It might be held together with bits of tape and pure luck, but when you’re working on projects that are going to be printed, the mockup is a crucial piece in your problem-solving journey. Where web projects give you an opportunity to test and change what you create, print work is a lot less flexible. A mockup is a sales tool, a money saver, a cure for future headaches. It is, quite simply, your best nerdy design friend. If you don’t make mockups in your print design process, you should start. Right now.
The idea for this article came from a conversation I had with a specialty finisher a couple of years ago. It was our first meeting, and I showed up with mockups for every part of the project we needed to discuss. I believe it was fifteen pieces in total - from the business cards to the custom envelopes to the little hang tags for hand-written prices. He was blown away. He proceeded to tell me that designers, especially young designers not long out of school, were usually content with sending a PDF and hoping for the best. I was blown away.
Through my career it has become clear to me that the only way to really understand how a project will work is to make a mockup. It was the only way to understand that half of my awesome label designs wouldn’t actually be visible when placed on a cylindrical bottle on a shelf next to another cylindrical bottle. It was the only way to see how the copy I’d so carefully placed on a complicated box design would actually be upside down once that box was assembled. Sure, those things might be discovered in pre-press or by the chain of command in a bigger agency, but as a solo design shop mockups saved my bacon (and my pride) many, many times.
At first I used those crude versions of mockups held together by luck and bits of tape, but over the years they’ve become much more sophisticated. As my approach has evolved, I’ve realized that, apart from just making sure your copy is the right way up, a good mockup can sell your idea better than anything else.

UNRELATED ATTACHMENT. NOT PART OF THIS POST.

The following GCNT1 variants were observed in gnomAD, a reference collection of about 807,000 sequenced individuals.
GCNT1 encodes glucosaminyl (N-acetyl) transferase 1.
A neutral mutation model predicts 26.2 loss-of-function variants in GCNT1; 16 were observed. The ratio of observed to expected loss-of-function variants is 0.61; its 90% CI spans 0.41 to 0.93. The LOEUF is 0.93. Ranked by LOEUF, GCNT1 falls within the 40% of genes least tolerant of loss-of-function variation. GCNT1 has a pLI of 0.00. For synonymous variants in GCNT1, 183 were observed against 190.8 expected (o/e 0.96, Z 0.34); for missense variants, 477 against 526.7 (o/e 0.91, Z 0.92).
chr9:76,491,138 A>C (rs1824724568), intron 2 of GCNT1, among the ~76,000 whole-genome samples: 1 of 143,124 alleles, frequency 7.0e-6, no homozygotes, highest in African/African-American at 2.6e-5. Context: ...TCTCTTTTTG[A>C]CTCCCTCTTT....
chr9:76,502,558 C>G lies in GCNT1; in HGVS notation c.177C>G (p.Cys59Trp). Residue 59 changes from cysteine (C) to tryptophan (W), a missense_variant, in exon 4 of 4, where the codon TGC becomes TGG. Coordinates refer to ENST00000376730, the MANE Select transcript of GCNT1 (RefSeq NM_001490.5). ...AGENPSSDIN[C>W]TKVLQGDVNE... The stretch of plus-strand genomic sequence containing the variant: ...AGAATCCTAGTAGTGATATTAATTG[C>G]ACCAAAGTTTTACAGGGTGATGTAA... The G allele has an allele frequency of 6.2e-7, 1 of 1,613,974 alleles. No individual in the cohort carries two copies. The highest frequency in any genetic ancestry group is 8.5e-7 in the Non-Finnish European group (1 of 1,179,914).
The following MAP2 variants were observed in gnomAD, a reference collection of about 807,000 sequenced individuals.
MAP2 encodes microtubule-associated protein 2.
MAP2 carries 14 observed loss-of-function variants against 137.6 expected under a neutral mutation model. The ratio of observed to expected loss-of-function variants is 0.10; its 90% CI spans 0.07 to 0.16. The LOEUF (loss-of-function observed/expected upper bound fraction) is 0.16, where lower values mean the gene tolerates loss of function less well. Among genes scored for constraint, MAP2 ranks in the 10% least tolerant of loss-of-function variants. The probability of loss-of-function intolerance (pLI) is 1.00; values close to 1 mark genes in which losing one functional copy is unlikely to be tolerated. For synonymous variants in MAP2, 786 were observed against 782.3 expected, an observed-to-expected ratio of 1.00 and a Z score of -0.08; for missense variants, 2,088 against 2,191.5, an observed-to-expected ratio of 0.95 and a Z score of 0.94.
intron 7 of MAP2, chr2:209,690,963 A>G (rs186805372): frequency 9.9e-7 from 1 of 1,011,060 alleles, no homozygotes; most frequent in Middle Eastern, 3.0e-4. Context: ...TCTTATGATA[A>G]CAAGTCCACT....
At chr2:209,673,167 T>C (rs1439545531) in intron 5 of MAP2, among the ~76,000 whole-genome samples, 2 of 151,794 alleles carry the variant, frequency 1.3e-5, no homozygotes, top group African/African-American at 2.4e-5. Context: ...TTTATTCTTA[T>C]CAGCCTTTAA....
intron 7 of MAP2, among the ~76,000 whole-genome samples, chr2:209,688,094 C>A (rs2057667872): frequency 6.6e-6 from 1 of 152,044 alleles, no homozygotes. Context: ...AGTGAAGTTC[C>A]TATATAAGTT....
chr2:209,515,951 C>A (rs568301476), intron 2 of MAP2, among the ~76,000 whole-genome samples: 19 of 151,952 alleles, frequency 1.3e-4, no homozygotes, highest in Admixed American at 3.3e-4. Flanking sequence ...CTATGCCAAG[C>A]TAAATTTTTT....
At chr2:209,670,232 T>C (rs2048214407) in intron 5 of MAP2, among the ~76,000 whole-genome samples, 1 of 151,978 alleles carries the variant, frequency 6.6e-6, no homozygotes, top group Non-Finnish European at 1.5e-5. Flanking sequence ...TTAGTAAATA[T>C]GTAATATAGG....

Carve recently worked on a project that involved a product sample binder for a rather large, innovative company. Our mockup for the project made the rounds in a series of Voice of Customer meetings and feedback loops and came back to us many weeks later, a little worse for wear, but still intact. It had been marked up extensively and had clearly passed through many sets of hands, doing exactly what it was meant to do. It revealed issues and concerns that no one had considered before, it got people thinking hard and it started conversations that a PDF could never have inspired. Ultimately, it sold the idea.
According to Derek Emerson of Flash Reproductions:
“We create mockups for all but the simplest of projects. They give clients a chance to visualize the piece and make revisions early in the process rather than on press, which is when changes become costly. Our customers often create their own mockups as well and bring them to us prior to the proofing stage to get our input on how to best run the piece. This provides an opportunity to fine tune our approach and processes, often resulting in a superior piece in the end. Perhaps it's due to the fact that Flash often collaborates on complex, higher-end pieces that require special design and production considerations, but we find mockups to be very valuable tools in achieving the tactile qualities our customers strive for.”
This was nice to hear, and also brings up a good point: get your printer involved in the process early and take advantage of their specialized knowledge and experience. Hell, they’ll probably even make the mockup for you if you ask nicely!
So, what to take away from this pontification? Mockup your stuff of course, but also don’t wait until your project is nearly done. Mockup your ideas early. You’ll understand your project much more deeply; you'll be able to refine your designs in more meaningful ways and, ultimately, you'll end up with a better result.
As a short postscript - the tools we use in our studio are relatively inexpensive and pretty effective - a Canon ix6820 printer that can take 13” wide sheets and print on a good variety of heavy stock, a precision utility knife, a big cutting mat, a bone folder or scoring tool, a big steel ruler and a whole whack of double-sided tape.
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